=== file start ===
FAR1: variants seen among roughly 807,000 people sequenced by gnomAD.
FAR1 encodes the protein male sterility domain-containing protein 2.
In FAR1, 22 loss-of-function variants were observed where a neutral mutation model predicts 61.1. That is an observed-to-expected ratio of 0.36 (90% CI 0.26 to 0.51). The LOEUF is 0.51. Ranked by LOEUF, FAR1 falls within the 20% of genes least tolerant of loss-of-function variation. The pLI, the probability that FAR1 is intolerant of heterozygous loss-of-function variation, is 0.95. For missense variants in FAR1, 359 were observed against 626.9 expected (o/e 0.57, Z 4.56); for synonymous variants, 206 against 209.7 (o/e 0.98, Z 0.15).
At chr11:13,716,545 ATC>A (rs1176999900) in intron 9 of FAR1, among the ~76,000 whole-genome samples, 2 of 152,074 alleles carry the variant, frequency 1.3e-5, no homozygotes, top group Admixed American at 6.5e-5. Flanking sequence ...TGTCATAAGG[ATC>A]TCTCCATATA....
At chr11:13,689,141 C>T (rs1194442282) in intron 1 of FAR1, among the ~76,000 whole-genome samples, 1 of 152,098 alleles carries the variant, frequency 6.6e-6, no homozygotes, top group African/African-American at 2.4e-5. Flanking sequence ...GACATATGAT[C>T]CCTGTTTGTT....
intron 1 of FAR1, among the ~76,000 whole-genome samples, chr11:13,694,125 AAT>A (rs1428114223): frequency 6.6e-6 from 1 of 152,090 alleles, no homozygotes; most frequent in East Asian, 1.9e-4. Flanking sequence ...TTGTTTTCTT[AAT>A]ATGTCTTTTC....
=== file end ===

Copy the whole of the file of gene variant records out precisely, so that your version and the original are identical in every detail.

FAR1: variants seen among roughly 807,000 people sequenced by gnomAD.
FAR1 encodes the protein male sterility domain-containing protein 2.
In FAR1, 22 loss-of-function variants were observed where a neutral mutation model predicts 61.1. That is an observed-to-expected ratio of 0.36 (90% CI 0.26 to 0.51). The LOEUF is 0.51. Ranked by LOEUF, FAR1 falls within the 20% of genes least tolerant of loss-of-function variation. The pLI, the probability that FAR1 is intolerant of heterozygous loss-of-function variation, is 0.95. For missense variants in FAR1, 359 were observed against 626.9 expected (o/e 0.57, Z 4.56); for synonymous variants, 206 against 209.7 (o/e 0.98, Z 0.15).
At chr11:13,716,545 ATC>A (rs1176999900) in intron 9 of FAR1, among the ~76,000 whole-genome samples, 2 of 152,074 alleles carry the variant, frequency 1.3e-5, no homozygotes, top group Admixed American at 6.5e-5. Flanking sequence ...TGTCATAAGG[ATC>A]TCTCCATATA....
At chr11:13,689,141 C>T (rs1194442282) in intron 1 of FAR1, among the ~76,000 whole-genome samples, 1 of 152,098 alleles carries the variant, frequency 6.6e-6, no homozygotes, top group African/African-American at 2.4e-5. Flanking sequence ...GACATATGAT[C>T]CCTGTTTGTT....
intron 1 of FAR1, among the ~76,000 whole-genome samples, chr11:13,694,125 AAT>A (rs1428114223): frequency 6.6e-6 from 1 of 152,090 alleles, no homozygotes; most frequent in East Asian, 1.9e-4. Flanking sequence ...TTGTTTTCTT[AAT>A]ATGTCTTTTC....